I have been to see sports physician, who queried the possibility of a sacral stress fracture. The MRI was normal (of course). He referred me for a dynamic USS of my hip ? sciatic nerve tethering/nerve entrapment- piriformis syndrome. The radiologist told me my sciatic nerve was extremely tethered, and was the worse case he had seen. He then proceeded to perform a sciatic nerve hydrodilation injection to release the nerve. This was a very painful procedure, and exacerbated my pain. A second injection was done 4 weeks later with further worsening of pain. They then repeated an MRI focusing on the piriformis muscle to see if this was causing sciatic nerve entrapment and tethering and whether surgical treatment was necessary. The MRI was not convincing, however the radiologist thought there was some sciatic nerve entrapment at the piriformis. Thus I was referred to an orthopaedic hip surgeon who felt the diagnosis was still unclear. When he reviewed the MRI he ? labral tear. There was also oedema around ischial tuberosity where hamstring attaches indicating tendinopathy, although I had this on the right hip as well (common finding in runners). I had a hip joint injection to exclude a joint cause, with no improvement in symptoms. The orthopaedic surgeon feels I would benefit from a piriformis muscle release and sciatic nerve release.

I am very hesitant to proceed with this, given the diagnosis still remains unclear. So I did some research on piriformis syndrome diagnosis, and decided to have a LA in to the piriformis muscle. This was done by CT-guided. Unfortunately, my sciatic nerve was hit, and caused ++ pain. Then I asked the radiologist to advance the needle more medially away from the nerve. When it entered my muscle, I felt this tightening/cramping pain, and thus the procedure was aborted. That night again I was in sooooo much pain all I could do was lie on my stomach, and try not to move.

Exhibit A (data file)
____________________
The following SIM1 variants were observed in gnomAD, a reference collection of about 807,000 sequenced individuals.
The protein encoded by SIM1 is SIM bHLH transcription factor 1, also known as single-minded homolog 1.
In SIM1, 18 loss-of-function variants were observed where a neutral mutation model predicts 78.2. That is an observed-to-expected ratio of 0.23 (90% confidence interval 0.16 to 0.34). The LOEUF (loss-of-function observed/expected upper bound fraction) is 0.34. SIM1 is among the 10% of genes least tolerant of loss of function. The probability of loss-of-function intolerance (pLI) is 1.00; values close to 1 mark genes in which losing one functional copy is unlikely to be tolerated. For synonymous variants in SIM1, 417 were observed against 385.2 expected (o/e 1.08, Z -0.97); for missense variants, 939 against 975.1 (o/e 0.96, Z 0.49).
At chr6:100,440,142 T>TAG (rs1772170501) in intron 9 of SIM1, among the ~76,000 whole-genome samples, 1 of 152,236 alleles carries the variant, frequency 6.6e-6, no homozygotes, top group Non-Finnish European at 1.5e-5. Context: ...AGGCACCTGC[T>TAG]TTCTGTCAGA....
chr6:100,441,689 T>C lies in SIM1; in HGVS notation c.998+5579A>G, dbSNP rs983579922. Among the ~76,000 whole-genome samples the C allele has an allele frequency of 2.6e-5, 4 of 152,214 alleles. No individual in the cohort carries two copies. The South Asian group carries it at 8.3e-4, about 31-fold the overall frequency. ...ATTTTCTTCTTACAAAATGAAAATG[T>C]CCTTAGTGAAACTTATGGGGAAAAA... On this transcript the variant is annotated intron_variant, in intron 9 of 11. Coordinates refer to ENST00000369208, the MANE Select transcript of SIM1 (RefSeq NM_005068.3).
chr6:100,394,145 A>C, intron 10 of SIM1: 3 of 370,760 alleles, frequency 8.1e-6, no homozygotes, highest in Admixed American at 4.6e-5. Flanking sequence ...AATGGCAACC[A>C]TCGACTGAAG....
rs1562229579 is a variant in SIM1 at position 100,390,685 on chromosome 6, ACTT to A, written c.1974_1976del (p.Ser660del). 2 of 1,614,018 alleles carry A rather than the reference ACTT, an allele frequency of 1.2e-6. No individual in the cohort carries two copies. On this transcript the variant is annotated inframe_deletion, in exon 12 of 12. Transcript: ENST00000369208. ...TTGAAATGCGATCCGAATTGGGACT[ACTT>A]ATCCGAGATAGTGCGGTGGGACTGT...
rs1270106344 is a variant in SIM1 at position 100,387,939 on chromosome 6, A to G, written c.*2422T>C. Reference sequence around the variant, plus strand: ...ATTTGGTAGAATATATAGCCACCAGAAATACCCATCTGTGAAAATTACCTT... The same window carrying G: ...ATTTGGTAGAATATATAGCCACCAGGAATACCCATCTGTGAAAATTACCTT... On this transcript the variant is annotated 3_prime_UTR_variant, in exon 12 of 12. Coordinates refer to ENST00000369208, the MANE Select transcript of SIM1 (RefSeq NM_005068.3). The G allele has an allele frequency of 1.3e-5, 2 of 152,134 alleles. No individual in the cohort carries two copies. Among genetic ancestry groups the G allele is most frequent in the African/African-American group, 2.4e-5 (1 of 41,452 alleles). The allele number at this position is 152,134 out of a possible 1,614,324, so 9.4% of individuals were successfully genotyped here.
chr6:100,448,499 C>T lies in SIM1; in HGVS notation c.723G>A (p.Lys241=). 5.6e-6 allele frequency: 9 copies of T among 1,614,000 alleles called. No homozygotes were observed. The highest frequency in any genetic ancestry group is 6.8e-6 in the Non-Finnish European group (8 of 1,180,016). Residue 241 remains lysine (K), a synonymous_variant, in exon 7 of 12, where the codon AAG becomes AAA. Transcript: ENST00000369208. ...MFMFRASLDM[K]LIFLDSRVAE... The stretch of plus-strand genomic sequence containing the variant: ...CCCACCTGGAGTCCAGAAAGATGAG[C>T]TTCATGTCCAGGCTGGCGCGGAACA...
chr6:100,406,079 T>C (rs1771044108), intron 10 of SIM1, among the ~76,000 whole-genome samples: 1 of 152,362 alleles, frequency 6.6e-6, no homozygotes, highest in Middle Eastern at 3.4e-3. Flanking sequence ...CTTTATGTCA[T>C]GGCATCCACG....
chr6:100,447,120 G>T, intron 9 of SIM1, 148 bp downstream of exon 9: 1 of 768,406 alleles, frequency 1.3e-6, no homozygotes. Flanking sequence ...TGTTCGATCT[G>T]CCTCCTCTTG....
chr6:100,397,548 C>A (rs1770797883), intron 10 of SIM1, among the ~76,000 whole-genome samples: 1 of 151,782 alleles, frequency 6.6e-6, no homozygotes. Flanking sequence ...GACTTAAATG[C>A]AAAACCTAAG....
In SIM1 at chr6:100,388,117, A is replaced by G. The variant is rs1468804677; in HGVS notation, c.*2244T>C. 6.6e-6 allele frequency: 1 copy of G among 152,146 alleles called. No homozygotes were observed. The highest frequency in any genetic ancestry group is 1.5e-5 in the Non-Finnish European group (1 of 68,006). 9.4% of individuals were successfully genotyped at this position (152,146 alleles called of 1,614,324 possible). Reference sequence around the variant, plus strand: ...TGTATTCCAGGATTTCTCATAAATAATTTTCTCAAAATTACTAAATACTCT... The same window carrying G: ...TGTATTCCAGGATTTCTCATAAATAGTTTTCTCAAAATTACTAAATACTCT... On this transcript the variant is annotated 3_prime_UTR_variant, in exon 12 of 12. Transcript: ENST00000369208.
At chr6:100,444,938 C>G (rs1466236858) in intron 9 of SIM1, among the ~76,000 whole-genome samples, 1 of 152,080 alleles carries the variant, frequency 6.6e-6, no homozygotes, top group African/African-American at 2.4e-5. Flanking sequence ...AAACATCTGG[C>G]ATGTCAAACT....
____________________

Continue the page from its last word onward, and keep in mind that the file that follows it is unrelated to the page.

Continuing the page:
Currently, I have decided to continue with a conservative approach of gentle gentle physio (no manipulation as this gives me sharp pain the next day), massage, and rest. (no stretching- makes it worse) Despite reducing my activities, my symptoms persist. Thus I have decided to take 6 weeks leave from work to see if this helps as my job involves getting up and down constantly. If this fails, I really do not know what to do. I am a 30yr old female doctor, and had planned on having kids in the next year which is obviously not an option now. I am depressed, frustrated, and just want my previous life back. I have started to get counseling on pain management etc. This helps to a small degree.

So my take home message, is rest if you are injured!!!!! Pain is a sign you are causing damage and need time to heal, re-assess your running biomechanics, and ensure you strengthen any muscle weakness etc. Find a good physiotherapist.

Edited: 04/05/2013 at 05:37